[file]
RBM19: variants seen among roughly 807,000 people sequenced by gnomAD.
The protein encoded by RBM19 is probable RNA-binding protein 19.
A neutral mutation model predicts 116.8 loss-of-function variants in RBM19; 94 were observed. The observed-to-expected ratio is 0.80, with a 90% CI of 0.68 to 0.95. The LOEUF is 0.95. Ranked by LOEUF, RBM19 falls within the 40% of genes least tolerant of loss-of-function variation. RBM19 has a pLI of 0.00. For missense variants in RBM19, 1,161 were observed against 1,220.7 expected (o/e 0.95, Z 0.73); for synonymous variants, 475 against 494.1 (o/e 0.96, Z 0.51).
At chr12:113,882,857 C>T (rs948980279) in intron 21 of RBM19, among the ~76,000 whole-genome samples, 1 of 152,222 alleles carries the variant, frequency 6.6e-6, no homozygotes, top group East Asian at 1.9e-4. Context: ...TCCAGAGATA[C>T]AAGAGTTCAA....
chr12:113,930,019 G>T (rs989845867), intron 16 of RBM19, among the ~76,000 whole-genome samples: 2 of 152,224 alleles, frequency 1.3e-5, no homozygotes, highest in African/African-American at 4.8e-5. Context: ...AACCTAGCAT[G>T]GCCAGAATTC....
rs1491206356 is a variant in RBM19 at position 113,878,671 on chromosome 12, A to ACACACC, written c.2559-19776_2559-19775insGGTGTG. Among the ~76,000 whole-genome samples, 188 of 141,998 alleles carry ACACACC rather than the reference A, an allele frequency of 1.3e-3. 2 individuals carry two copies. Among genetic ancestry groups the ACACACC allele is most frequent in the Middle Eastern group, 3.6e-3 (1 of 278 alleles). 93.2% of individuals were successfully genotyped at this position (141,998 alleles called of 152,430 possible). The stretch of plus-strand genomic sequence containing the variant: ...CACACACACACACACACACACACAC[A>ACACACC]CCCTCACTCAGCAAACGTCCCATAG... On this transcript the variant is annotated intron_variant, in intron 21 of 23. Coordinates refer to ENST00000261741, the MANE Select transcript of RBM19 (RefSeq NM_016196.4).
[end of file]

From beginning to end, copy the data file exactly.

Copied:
RBM19: variants seen among roughly 807,000 people sequenced by gnomAD.
The protein encoded by RBM19 is probable RNA-binding protein 19.
A neutral mutation model predicts 116.8 loss-of-function variants in RBM19; 94 were observed. The observed-to-expected ratio is 0.80, with a 90% CI of 0.68 to 0.95. The LOEUF is 0.95. Ranked by LOEUF, RBM19 falls within the 40% of genes least tolerant of loss-of-function variation. RBM19 has a pLI of 0.00. For missense variants in RBM19, 1,161 were observed against 1,220.7 expected (o/e 0.95, Z 0.73); for synonymous variants, 475 against 494.1 (o/e 0.96, Z 0.51).
At chr12:113,882,857 C>T (rs948980279) in intron 21 of RBM19, among the ~76,000 whole-genome samples, 1 of 152,222 alleles carries the variant, frequency 6.6e-6, no homozygotes, top group East Asian at 1.9e-4. Context: ...TCCAGAGATA[C>T]AAGAGTTCAA....
chr12:113,930,019 G>T (rs989845867), intron 16 of RBM19, among the ~76,000 whole-genome samples: 2 of 152,224 alleles, frequency 1.3e-5, no homozygotes, highest in African/African-American at 4.8e-5. Context: ...AACCTAGCAT[G>T]GCCAGAATTC....
rs1491206356 is a variant in RBM19 at position 113,878,671 on chromosome 12, A to ACACACC, written c.2559-19776_2559-19775insGGTGTG. Among the ~76,000 whole-genome samples, 188 of 141,998 alleles carry ACACACC rather than the reference A, an allele frequency of 1.3e-3. 2 individuals carry two copies. Among genetic ancestry groups the ACACACC allele is most frequent in the Middle Eastern group, 3.6e-3 (1 of 278 alleles). 93.2% of individuals were successfully genotyped at this position (141,998 alleles called of 152,430 possible). The stretch of plus-strand genomic sequence containing the variant: ...CACACACACACACACACACACACAC[A>ACACACC]CCCTCACTCAGCAAACGTCCCATAG... On this transcript the variant is annotated intron_variant, in intron 21 of 23. Coordinates refer to ENST00000261741, the MANE Select transcript of RBM19 (RefSeq NM_016196.4).